(CNN) -- At least 25 people were killed in what the United Nations called Friday a shocking escalation of violence in Ivory Coast, wracked by an electoral crisis that many fear is sliding toward another civil war.
Doctors Without Borders treated 66 people with gunshot wounds and injuries caused by shell explosions in the wake of the attacks, according to a news release from the medical aid group. Women and children were among those injured, the statement said.
France, Ivory Coast's former colonial ruler, condemned Thursday's "deliberate massacre of civilians" and called on the U.N. Security Council to adopt sanctions against self-declared President Laurent Gbagbo and his circle, said Foreign Ministry spokesman Bernard Valero.
The international community has widely recognized Gbagbo's challenger, Alassane Ouattara, as the winner of a November election and the legitimate leader of the west African nation. But Gbagbo has refused to cede power, with the stalemate resulting in uncertainty and bloodshed.
The United Nations refugee agency reported heavy shelling in the Abobo neighborhood of Abidjan was responsible for the deaths. Many more were injured.
U.N. Secretary General Ban Ki-Moon condemned the shelling and urged the U.N. Security Council to take "further measures" against those found responsible for the violence. He said the U.N. would "continue to take the necessary steps to protect the civilian population."
A statement from Amnesty International provided more details about the violence Thursday. Mortar shells fell on a market, the rights group said, describing it as one of the most serious incidents in the city since the current crisis erupted.
"This afternoon, before one o'clock prayers, women were selling their goods in the market ... in Abobo," an eyewitness told an Amnesty International researcher. "Everything was quiet when suddenly we heard an awful sound and a shell hit the ground. At least 10 people, mainly women, were killed and others wounded."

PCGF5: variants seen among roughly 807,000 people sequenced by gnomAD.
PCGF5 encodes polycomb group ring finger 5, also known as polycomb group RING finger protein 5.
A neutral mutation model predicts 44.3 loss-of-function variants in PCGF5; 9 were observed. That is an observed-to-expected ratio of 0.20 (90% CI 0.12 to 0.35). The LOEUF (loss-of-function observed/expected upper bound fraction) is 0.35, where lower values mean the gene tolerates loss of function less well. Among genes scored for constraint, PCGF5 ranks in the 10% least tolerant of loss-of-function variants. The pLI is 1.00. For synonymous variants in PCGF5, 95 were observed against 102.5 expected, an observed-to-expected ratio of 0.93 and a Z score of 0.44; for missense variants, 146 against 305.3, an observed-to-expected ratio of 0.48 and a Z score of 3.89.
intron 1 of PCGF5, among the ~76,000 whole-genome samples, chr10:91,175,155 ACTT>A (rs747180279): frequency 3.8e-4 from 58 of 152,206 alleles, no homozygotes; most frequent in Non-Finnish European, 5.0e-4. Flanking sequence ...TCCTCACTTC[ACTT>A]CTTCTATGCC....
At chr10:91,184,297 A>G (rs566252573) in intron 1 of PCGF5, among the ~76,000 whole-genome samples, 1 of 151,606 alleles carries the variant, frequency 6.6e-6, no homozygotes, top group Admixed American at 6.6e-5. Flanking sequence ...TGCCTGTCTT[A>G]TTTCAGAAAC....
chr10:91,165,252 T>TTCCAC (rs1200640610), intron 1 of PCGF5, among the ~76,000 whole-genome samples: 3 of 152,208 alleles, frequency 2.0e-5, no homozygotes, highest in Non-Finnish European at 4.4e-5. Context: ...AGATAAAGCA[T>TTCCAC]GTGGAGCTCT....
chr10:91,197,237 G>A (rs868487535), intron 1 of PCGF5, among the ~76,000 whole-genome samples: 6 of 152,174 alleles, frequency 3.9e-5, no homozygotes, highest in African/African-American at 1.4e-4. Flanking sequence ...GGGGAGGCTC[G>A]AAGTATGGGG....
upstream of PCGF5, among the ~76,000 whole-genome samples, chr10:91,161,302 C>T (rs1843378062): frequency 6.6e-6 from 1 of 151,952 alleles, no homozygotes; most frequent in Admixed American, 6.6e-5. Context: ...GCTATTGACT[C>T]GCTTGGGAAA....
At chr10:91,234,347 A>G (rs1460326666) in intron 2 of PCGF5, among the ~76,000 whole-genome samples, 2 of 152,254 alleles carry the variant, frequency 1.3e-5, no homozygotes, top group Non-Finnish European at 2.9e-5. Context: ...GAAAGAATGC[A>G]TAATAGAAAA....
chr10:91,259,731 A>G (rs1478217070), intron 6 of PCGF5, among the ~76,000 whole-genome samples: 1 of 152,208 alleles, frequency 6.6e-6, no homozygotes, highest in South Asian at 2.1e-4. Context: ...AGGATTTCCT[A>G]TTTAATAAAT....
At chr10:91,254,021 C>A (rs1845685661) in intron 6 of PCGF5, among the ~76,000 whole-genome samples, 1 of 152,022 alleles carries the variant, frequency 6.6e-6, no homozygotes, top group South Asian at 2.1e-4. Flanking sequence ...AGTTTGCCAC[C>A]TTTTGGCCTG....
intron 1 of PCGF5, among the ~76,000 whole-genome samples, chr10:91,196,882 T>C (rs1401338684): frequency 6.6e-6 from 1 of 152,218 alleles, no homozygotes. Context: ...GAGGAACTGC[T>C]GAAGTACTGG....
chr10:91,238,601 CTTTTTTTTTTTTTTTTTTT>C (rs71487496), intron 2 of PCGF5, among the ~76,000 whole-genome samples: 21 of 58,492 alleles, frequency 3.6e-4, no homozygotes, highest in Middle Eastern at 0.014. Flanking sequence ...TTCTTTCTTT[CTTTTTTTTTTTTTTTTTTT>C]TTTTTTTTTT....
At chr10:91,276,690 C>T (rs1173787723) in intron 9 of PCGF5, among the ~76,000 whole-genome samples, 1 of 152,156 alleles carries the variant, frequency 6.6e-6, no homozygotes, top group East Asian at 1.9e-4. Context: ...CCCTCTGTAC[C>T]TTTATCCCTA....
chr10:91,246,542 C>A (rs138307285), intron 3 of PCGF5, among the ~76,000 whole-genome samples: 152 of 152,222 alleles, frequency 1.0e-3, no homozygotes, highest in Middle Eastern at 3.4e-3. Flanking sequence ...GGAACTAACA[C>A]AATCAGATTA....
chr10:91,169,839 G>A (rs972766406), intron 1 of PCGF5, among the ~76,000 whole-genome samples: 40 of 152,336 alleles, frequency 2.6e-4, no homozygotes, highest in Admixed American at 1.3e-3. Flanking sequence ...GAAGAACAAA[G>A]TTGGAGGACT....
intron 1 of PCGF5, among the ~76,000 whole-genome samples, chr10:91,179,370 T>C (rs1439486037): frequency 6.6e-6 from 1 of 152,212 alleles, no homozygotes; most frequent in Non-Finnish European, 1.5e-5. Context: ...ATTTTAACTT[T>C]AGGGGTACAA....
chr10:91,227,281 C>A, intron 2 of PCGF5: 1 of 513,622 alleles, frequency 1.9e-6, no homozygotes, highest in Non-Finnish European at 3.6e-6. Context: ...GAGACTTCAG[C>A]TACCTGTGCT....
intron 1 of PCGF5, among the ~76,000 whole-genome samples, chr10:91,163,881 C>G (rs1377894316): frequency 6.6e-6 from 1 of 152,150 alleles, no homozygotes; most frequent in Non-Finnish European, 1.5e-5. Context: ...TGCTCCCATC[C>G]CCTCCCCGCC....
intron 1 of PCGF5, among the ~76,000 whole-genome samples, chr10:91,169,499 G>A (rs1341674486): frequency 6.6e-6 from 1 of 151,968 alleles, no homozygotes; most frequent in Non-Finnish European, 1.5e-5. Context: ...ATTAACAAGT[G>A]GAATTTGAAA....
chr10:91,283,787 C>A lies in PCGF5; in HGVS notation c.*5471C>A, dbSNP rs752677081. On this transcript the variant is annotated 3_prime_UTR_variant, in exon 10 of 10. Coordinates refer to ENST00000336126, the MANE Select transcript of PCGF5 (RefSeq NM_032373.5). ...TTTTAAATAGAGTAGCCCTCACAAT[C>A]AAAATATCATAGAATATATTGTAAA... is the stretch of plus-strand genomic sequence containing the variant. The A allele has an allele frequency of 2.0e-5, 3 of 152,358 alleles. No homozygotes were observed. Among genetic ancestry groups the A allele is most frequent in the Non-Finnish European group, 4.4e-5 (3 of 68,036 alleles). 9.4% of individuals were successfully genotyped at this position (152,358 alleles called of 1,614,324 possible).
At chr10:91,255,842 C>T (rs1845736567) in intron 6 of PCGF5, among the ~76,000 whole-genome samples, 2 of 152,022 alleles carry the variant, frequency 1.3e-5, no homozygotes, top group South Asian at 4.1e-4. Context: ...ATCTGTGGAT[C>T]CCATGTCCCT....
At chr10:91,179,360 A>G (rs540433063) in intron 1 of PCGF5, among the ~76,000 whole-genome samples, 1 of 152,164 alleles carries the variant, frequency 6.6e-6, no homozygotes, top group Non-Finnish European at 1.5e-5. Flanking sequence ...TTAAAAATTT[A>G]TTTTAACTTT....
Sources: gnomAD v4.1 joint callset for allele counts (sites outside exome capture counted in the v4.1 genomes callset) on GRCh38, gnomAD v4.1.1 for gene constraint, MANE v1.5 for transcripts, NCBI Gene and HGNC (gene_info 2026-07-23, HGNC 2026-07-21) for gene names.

Another eyewitness told the group's researcher that the attacks came just after prayers. "A woman ... came in with her baby," according to the news release. "She was hit by a shell and died in the hospital a few hours afterwards. Her baby was wounded. Another 16 month-year-old baby was killed by the same shell."
Earlier in the week, attacks were reported in other parts of Abidjan, the commercial center of Ivory Coast, said a spokesman for the United Nations High Commissioner for Refugees.
"We are shocked at the escalating violence in (Ivory Coast), particularly in Abidjan, where this week was by far the most violent since the post-election crisis began," the agency spokesman said at a briefing Friday.
A UNHCR monitor reported that 30 shops were burned Thursday and empty bullet shell casings littered the streets.
A community radio station was also attacked and set on fire in the neighborhood of Adjame, and sporadic gunfire was heard in several districts of Yopougon, where heavy fighting took place Monday.
The intensifying urban warfare has displaced hundreds of thousands of people attempting to flee to safer ground. About 75,000 have crossed borders, most into Liberia, according to the U.S. State Department. But thousands of others are out of their homes within Ivory Coast.
Humanitarian agencies have reported hampered aid distribution due to security concerns and harassment.
Human Rights Watch has blamed the violence on Gbagbo's security forces and said their actions give "every indication of amounting to crimes against humanity."